Perhaps it’s fair to say, then, that professional content creators don’t really fear amateurs putting them out of work—we fear client confusion and apathy amidst a numbing array of options. We worry that clients don’t know exactly what we do and don’t share our “enlightened” definition of what makes for “good” and “bad” work. In marketing, for example, does good copy have to be gripping and grammatically flawless, or is it good enough if it illuminates noteworthy topics, generates page views, and leads to conversions?
Fortunately, as analytic tools and search algorithms get smarter, the gap between quality content and content that simply “gets the job done” continues to widen. Google, for example, continues to update their search algorithms in an effort to weed out “churn-and-burn” SEO pages and prioritize quality content from authoritative sources, while modern digital marketing tools allow companies to see not just their page views but how people interact with their pages and how frequently they linger on and share sections of content.
These advances in technology are continually working to make low-quality and highly-visible content mutually exclusive—relegating some of the most egregious “quantity over quality” or “immediacy over quality” marketing and content creation tactics to a footnote from a more primitive age of web browsing.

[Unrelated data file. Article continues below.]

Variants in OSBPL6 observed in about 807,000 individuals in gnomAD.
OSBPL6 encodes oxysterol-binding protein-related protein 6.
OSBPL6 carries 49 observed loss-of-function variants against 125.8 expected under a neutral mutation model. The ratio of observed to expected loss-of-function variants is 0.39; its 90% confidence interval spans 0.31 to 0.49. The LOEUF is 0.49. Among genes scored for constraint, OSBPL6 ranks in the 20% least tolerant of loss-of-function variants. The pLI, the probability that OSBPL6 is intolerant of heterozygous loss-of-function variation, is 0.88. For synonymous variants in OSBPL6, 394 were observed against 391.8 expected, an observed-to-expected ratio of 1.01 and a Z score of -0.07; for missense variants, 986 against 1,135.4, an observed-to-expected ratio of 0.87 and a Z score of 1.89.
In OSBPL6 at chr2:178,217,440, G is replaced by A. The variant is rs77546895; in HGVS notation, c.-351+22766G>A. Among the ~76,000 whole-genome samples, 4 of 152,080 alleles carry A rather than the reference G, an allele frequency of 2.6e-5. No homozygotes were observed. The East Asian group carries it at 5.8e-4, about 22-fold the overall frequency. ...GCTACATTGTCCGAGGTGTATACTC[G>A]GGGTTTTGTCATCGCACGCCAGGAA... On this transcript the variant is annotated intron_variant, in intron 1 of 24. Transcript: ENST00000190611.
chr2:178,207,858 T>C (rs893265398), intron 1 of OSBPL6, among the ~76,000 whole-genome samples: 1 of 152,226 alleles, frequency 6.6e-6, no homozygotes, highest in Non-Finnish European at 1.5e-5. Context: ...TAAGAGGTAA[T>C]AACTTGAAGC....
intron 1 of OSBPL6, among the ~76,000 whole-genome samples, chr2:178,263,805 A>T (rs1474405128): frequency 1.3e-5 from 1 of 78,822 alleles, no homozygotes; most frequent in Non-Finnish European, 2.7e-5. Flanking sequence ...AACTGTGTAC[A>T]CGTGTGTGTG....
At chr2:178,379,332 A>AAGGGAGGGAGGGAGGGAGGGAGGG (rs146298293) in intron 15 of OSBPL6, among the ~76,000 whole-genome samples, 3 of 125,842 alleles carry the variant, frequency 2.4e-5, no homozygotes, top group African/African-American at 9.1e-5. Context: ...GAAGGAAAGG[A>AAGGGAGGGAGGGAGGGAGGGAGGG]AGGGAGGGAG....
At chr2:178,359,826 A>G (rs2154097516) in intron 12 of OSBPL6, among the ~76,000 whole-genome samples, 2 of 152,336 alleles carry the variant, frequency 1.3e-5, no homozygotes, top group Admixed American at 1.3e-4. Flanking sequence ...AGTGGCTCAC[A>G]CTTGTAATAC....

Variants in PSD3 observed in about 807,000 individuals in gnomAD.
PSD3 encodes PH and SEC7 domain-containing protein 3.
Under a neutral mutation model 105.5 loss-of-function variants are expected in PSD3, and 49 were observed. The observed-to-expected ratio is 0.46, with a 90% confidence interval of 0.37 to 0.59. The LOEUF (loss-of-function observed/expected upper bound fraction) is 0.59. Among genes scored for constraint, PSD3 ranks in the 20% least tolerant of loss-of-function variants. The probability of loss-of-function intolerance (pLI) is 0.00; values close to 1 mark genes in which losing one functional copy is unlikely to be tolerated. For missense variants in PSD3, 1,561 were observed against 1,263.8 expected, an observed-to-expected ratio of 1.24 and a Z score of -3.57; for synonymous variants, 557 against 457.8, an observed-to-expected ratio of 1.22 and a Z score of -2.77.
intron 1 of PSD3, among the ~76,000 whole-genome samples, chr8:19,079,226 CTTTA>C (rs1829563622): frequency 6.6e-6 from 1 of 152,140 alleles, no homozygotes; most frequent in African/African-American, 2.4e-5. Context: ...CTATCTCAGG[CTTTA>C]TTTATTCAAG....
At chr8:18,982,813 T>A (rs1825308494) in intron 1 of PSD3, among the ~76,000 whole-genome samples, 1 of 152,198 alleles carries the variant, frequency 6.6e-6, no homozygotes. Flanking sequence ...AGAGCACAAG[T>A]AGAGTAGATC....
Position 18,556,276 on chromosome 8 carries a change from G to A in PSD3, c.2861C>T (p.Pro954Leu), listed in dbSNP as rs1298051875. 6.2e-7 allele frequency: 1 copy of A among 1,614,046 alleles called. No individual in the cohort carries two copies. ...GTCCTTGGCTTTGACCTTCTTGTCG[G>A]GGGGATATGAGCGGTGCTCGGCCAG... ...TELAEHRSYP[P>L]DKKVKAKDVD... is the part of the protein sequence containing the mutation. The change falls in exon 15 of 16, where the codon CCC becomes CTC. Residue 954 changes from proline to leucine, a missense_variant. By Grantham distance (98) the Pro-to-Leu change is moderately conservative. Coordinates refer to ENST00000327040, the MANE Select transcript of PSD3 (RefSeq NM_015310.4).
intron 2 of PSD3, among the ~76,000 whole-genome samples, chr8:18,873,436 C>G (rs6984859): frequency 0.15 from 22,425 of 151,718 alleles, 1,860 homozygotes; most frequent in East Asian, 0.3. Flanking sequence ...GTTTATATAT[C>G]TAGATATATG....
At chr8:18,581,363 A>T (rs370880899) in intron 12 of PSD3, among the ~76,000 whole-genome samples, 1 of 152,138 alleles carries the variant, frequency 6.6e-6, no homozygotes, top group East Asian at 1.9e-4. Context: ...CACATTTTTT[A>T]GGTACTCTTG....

We Have Much to Learn from Each Other
While advancements in technology will presumably continue to make search results smarter and boost the value of quality content over the long haul, the fact remains that the old barriers to professional visibility are gone for good. The ease of self-publishing and self-marketing through social media and other digital platforms means that self-taught “amateurs” will have more ways to distribute their work, get feedback, and refine their craft than ever before. No longer able to bank on exclusivity as a stock-in-trade, content creators will have to bolster their resumes with cross-disciplinary skills, data analysis abilities, and familiarity with emerging social platforms to distinguish themselves from a teeming crowd.
Likewise, though, the ongoing evolution of search engines and analytic tools will continue to weed out unpolished and ill-researched content, so it’s increasingly incumbent on serious amateur content creators to know the fundamentals of their craft—it won’t be enough to just exist anymore. As much as the formally-educated will live and die by their ability to stay on the cutting edge going forward, the most successful “pro-amateur” content creators may shine for their ability to “kick it old school” with Messrs. Strunk & White.*
*Or, as our Managing Editor is fond of advocating, Ms. Hacker.
Kelly, T. (2012, Jan. 24). Why pro-amateurs are the future. GamesBrief. Retrieved from http://www.gamesbrief.com/2012/01/why-pro-amateurs-are-the-future/